On the truf­fle hunt in Provence

South­ern France en­tices those with a pas­sion for fine win­ter food

The Weekend Australian - Travel - - Travel & Indulgence - ROB COWEN THE IN­DE­PEN­DENT

SERGE fixes us with his Al Pa­cino stare, his bowl of black truf­fles fill­ing the room with a gassy whiff. ‘‘Two years ago, an old wom­an­was taken,’’ he says. ‘‘They tied her up un­til she told them where her truf­fles were hid­den.’’ Af­ter ex­pe­ri­enc­ing the Vau­cluse area of Provence for the past 24 hours, I don’t doubt him for a minute.

Ac­com­pa­nied by my friend and fel­low truf­fle novice, Char­lie, we reach Avi­gnon in the late af­ter­noon. We wan­der through the town’s Christ­mas mar­ket as the clear sky smudges with evening. Twin­kling fes­tive lights circle sym­met­ri­cal lines of wooden huts sell­ing ev­ery­thing from lo­cal glass jew­ellery to don­key salami. We stock up on stock­ing fillers be­fore stretch­ing our legs past the enor­mous Palais des Papes and up to the Jardin du Rocher des Doms for a breath­tak­ing view over the half-bridge im­mor­talised in the song Sur le Pont d’Avi­gnon.

The sun­set dances over the Rhone as the olive trees scent the sur­pris­ingly warm win­ter air.

Twenty min­utes’ drive north­east, we pull into Car­pen­tras, a de­light­ful, but­ter- coloured Proven­cal town and our first real stop on the truf­fle trail. Our des­ti­na­tion is a hand­some 18th­cen­tury French town­house, Mai­son Tre­vier, a B&B with vast, finely fin­ished rooms and a court­yard gar­den re­plete with ev­ery herb. Open­ing the stud­ded, oak front door, Gina wel­comes us like long-lost sons and shows us to our room. ‘‘Re­fresh quickly please, boys. Tonight, we cook to­gether.’’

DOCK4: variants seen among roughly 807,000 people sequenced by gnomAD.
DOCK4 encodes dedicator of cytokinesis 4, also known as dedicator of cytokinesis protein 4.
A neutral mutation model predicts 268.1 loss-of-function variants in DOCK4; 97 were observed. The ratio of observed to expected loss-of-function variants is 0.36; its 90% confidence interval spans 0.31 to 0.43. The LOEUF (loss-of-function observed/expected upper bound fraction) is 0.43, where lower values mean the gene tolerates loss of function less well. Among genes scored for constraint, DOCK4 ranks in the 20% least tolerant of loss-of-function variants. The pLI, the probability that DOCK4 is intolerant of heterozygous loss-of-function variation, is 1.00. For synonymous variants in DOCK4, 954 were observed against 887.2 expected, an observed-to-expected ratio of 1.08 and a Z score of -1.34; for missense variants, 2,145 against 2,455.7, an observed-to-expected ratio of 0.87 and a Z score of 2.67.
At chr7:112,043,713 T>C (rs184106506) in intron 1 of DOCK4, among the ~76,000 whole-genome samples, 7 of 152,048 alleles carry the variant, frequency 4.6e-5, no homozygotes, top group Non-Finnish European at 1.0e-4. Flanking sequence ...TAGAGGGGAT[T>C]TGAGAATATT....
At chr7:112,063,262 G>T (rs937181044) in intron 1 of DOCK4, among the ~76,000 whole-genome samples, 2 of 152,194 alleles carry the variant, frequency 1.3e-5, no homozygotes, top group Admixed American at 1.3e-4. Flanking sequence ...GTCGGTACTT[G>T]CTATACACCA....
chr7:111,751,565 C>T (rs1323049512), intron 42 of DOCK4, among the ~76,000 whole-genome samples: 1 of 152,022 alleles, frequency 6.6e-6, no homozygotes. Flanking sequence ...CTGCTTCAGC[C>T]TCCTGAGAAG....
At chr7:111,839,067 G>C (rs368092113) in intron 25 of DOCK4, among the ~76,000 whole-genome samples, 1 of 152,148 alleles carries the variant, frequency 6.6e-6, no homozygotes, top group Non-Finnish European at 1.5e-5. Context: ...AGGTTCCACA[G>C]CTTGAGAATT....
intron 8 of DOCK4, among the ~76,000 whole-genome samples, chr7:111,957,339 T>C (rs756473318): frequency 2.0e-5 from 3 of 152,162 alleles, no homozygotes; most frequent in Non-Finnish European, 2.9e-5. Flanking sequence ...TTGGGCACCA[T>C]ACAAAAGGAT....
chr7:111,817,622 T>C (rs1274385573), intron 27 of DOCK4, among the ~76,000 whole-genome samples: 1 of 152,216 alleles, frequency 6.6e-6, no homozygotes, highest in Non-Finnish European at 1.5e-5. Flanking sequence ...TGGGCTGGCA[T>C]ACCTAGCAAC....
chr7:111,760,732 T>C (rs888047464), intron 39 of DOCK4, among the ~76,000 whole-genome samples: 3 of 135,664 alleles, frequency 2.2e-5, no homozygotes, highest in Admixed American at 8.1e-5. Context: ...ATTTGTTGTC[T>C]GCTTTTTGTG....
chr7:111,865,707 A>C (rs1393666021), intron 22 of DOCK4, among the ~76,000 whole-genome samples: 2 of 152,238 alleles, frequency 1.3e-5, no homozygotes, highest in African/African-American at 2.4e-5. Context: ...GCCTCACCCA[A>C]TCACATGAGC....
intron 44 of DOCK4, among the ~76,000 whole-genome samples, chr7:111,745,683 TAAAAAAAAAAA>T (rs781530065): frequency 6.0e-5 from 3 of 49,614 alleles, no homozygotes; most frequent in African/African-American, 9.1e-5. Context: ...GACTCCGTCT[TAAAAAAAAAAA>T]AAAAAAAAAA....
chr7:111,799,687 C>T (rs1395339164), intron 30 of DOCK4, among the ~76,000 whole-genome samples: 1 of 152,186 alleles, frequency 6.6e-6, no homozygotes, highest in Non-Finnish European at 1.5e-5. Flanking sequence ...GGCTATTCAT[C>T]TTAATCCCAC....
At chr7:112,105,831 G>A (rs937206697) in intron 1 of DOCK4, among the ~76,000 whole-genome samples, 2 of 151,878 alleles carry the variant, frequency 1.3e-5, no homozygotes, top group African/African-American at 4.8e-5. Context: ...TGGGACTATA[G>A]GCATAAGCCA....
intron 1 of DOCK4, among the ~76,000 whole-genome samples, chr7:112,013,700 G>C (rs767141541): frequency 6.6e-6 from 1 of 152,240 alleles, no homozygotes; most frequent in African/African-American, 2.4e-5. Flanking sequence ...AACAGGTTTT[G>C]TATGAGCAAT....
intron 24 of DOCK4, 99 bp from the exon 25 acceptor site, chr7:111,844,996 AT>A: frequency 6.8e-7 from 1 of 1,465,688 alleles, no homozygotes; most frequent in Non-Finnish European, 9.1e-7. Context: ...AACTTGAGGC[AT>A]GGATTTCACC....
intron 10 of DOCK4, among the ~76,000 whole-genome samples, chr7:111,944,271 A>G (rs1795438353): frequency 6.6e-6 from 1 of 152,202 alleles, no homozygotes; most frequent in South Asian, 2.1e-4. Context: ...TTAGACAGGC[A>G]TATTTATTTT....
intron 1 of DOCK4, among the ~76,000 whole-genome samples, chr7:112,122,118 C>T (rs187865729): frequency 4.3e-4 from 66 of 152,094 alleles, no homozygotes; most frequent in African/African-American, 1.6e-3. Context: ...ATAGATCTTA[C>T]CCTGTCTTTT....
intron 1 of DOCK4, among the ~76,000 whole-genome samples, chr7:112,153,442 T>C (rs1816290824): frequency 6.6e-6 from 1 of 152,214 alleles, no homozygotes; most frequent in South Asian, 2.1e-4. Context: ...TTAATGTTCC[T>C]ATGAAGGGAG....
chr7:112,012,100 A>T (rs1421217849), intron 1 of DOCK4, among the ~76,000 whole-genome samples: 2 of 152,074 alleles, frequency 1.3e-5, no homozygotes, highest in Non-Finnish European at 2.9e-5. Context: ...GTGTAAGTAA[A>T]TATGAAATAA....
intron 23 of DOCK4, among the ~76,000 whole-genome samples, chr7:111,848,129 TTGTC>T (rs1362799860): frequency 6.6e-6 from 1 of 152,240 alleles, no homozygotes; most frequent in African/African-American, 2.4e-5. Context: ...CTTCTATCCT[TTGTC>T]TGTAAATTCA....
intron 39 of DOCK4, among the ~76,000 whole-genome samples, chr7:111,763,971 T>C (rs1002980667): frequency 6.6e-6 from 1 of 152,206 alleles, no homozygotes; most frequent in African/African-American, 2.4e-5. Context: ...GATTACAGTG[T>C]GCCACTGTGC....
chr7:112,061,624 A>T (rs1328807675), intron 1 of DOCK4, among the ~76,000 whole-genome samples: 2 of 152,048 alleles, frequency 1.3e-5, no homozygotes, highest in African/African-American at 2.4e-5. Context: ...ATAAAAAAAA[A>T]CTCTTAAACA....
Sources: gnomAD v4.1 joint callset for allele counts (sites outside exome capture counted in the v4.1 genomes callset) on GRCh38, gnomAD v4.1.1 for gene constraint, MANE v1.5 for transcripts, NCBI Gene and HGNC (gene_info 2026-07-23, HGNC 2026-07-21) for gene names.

Gath­ered in her cav­ernous kitchen, we don aprons to try our hand at age-old recipes that serve as a whis­tle-stop tour of the culi­nary riches of this re­gion — pump­kins, can­died fruit, olive oil and, the cen­tre­piece of the sea­son, the oblig­a­tory black truf­fle. I busy my­self mas­ter­ing a pompe a l’huile, a sweet, orange-scented cake or bread that forms part of Provence’s tra­di­tional 13 desserts, served on Christ­mas Eve to rep­re­sent the 12 apos­tles and Christ.

‘‘ Re­garde . . .’’ Gina sud­denly com­mands, re­triev­ing some­thing from the fridge, ‘‘ la truffe.’’ Be­ing early in the sea­son (Jan­uary is the peak month), it looks hum­ble enough, yet she rinses it as care­fully as if she were bathing the in­fant mes­siah. Slices are added to a bowl of eggs be­fore they’re scram­bled and served over wilted chard. It tastes holy.

Feast­ing on the fruits of our labours with bot­tles of lo­cal Cote du Rhone, we could be at a Proven­cal ta­ble two cen­turies ago.

Morn­ing breaks in a bus­tle of noise and we fol­low it to the town’s truf­fle mar­ket. Mus­ta­chioed men gather around tables to barter on the price of these black di­a­monds, sell­ing for up­wards of ($350) a kilo. Serge, a lo­cal restau­ra­teur and Michael Cor­leone looka­like, shakes our hands. ‘‘You come to my place for lunch.’’

It is an of­fer we can­not refuse. Chez Serge doesn’t dis­ap­point. For­ti­fied with his truf­fle-but­tered bread and sto­ries, we drive deeper into the Vau­cluse area sur­round­ing Mont Ven­toux. The em­blem­atic moun­tain, a favourite among walk­ers, dom­i­nates the hori­zon to the east. Vine­yards trimmed af­ter the har­vests roll across the un­du­lat­ing coun­try­side, in­ter- spersed with cor­ri­dors of laven­der and stands of white and green oak trees, the truf­fle’s host.